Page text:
Sunday 17 February 2019

Ireland still 'marred by inequality' - Higgins

(L to R) Lord Mayor of Dublin Nial Ring, President of Ireland Michael D Higgins, Sabina Higgins, Ceann Comhairle Sean O Fearghail & Cathaoirleach Denis O'Donovan during an event to commemorate the centenary of the First Dáil at the Mansion House, Dublin. Photo: Gareth Chaney, Collins
(L to R) Lord Mayor of Dublin Nial Ring, President of Ireland Michael D Higgins, Sabina Higgins, Ceann Comhairle Sean O Fearghail & Cathaoirleach Denis O'Donovan during an event to commemorate the centenary of the First Dáil at the Mansion House, Dublin. Photo: Gareth Chaney, Collins
Kevin Doyle

Kevin Doyle

Our Republic is "marred by inequalities in power, wealth, income and opportunity", President Michael D Higgins has said.

In his address to mark the centenary of the Dáil, Mr Higgins struck both an optimistic and pessimistic note.

He said the same challenges that confronted "the revolutionary generation still abide with us today".

To an audience that included politicians from the North and south of the Border, he said citizens are being denied "the basic elements of a dignified existence within our republic - housing, healthcare, education, support for those with particular needs".

The President also warned that we now live in a world witnessing "the return of an ugly, xenophobic corruption of nationalism".

He urged Irish people to welcome and shelter those fleeing war, persecution and famine.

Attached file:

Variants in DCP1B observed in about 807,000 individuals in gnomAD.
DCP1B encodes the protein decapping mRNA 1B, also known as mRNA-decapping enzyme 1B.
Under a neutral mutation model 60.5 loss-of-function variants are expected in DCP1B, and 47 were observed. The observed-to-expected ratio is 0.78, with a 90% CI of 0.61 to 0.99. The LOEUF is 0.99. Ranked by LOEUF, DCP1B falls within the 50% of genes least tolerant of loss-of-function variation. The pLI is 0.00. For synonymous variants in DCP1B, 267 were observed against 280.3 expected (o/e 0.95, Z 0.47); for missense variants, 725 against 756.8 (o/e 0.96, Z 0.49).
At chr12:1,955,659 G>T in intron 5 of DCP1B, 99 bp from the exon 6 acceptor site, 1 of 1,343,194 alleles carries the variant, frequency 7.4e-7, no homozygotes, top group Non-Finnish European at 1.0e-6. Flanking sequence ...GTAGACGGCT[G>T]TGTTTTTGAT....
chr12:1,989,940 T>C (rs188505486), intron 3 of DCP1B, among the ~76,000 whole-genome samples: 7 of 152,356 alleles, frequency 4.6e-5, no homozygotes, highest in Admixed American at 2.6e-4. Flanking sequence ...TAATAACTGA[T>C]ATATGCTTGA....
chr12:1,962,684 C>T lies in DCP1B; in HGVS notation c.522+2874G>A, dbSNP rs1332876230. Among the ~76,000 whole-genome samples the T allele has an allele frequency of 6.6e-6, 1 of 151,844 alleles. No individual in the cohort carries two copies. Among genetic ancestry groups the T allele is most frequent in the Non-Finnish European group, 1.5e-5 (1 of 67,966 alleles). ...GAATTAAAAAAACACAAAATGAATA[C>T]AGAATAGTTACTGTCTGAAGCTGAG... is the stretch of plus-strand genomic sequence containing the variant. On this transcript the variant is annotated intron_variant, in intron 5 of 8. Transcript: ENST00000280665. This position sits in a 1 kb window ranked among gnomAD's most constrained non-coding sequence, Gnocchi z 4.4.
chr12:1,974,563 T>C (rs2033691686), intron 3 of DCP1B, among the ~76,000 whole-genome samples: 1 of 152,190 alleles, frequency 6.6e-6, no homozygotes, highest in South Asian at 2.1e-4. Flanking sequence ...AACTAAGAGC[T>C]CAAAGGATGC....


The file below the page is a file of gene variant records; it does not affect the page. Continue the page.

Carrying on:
Arrival: Dublin Lord Mayor Nial Ring (left) welcomes Taoiseach Leo Varadkar to the Mansion House. Photo: Niall Carson/PA Wire
Arrival: Dublin Lord Mayor Nial Ring (left) welcomes Taoiseach Leo Varadkar to the Mansion House. Photo: Niall Carson/PA Wire

"True nationalism addresses need, not only as part of a nation, but as part of an international family of nations," Mr Higgins said.

He cautioned about the threat of climate change, saying it poses a danger "undreamed by our forebearers".

In his contribution, Taoiseach Leo Varadkar said the Democratic Programme unveiled during the first sitting "points to where the State has fallen short".

"Its assertion that 'the first duty of the government of the Republic' will be to ensure 'that no child shall suffer hunger or cold from lack of food, clothing or shelter, but that all shall be provided with the means and facilities requisite for their proper education and training' reminds us of our responsibilities to children.

"Industrial schools, illegal adoptions, and Mother and Baby Homes were a betrayal of those ideals," he said.

"Although today the rate of child poverty in Ireland is only a fraction of what it was 100 years ago, and is falling, we must do better."

Irish Independent

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